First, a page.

Design guidance required for battery monitoring system

Discussion in 'General Electronics Chat' started by NomadAU, Apr 15, 2019.

  1. NomadAU

    Thread Starter Active Member

    Jul 21, 2012
    37
    1
    Hi

    I'm looking for ideas on how to implement a circuit that can measure the voltage of each cell in a multi-cell lithium battery.
    The battery (24V) in question is made of 8 cells, each cell comprising a series of 38120 batteries.
    The nominal voltage of each cell is 3.2V.

    What I have in mind is to use a MCU (probably the PIC16F1503) to measure each cell as a sequence of operations, either directly (using its onboard 10-bit ADC) or a higher resolution connected ADC.
    Finding a way of switching between each of the cells is proving to be a bit of a challenge for me though. My immediate thought was to use 2 (8:1) demultiplexers to switch the cell inputs, one to control the negative input and the other to control the positive input. After some testing, I realised that this will not work with the voltages involved. The MCU is driven using 3.3V so I will be using the same voltage to drive the demux. However, there will be over 24V potential between cell 1 and cell 8 which is way more than the demux can handle.

    My next thought was to continue to use the demux, but to isolate the cell inputs from the DEMUX using optocouplers. In this way, the demux would be used to select the cell inputs (negative and positive) by turning on the appropriate optocouplers. The MCU would be programmed to drive the demux select lines so that at most there would only ever be one negative and one positive line active, and furthermore, the negative and positive lines would be connected to the same cell, therefore never exceeding the 38120 battery upper voltage level.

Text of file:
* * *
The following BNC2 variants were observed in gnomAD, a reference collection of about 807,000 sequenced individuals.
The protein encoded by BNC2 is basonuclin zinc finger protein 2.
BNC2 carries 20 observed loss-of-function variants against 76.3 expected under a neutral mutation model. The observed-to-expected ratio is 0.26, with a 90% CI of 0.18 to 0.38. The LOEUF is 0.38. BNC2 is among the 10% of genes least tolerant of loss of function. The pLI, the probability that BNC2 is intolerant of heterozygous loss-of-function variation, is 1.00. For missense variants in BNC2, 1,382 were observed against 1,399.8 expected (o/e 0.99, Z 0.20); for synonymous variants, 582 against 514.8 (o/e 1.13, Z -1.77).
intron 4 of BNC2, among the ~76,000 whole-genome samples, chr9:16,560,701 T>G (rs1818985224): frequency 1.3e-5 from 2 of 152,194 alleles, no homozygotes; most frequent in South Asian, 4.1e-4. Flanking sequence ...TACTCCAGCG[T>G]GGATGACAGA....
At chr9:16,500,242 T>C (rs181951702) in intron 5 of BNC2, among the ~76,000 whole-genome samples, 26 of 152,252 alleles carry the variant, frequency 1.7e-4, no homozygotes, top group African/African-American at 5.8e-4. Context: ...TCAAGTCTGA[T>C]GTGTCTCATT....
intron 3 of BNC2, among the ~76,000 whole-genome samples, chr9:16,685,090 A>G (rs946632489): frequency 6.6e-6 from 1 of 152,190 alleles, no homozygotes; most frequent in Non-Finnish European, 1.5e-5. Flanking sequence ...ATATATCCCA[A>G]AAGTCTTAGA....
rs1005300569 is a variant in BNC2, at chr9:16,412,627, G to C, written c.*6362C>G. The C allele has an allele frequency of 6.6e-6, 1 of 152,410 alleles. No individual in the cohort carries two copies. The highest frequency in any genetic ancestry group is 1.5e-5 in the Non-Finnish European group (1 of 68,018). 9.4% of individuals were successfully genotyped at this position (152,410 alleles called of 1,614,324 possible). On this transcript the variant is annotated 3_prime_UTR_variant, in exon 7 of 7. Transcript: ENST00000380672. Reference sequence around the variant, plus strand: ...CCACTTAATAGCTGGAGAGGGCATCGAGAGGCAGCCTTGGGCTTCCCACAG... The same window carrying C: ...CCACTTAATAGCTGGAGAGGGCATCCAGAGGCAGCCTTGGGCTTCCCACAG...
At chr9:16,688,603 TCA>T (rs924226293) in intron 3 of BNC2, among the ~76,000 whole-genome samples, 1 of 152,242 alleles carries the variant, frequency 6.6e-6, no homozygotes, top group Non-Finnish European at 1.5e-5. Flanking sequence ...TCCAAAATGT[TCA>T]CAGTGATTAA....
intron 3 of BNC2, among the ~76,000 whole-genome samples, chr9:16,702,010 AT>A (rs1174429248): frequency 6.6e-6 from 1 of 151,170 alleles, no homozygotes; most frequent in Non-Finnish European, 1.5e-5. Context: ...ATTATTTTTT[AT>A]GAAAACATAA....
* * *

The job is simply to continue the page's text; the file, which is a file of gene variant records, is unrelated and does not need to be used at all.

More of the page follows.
At this stage I am looking for feedback on the design and how effective it might be. Is there an alternative that I haven't thought of (another idea is to have 8 MCU's, each measuring just one cell, and feed the results to a controller). I am uncertain how accurately my design will be able to measure the cell voltage, given that the input to the ADC will be via an opto-coupler - does this drop the voltage like a diode does, or will the cell voltage be largely unaffected after passing through the opto-coupler?

    I've attached a drawing that should make the above description a little clearer.

    Thanks for your feedback.
     
  2. crutschow

    Expert

    Mar 14, 2008
    21,436
    6,141
    Generally optos are non-linear and have a lot of gain variation transmitting analog voltages so would require calibration of each output.

    Here's a different possibility.
    You can use the INA138 high side current-monitor to also monitor a floating voltage.
    You can buy it here, for example, for US$1.94.
    It can operate with a voltage from 2.7V to 36V, and will convert the battery voltage to a ground referenced voltage.

    Below is the LTspice simulation of the circuit independently monitoring the two top battery voltages, as the top battery (red trace) varies from 3.2V to 2.8V, indicated at Out1 (green trace), and the 2nd battery from the top varies simultaneously from 2.8V to 3.2V (blue trace), indicated at Out2 (yellow trace).

    You repeat the circuit once for each battery.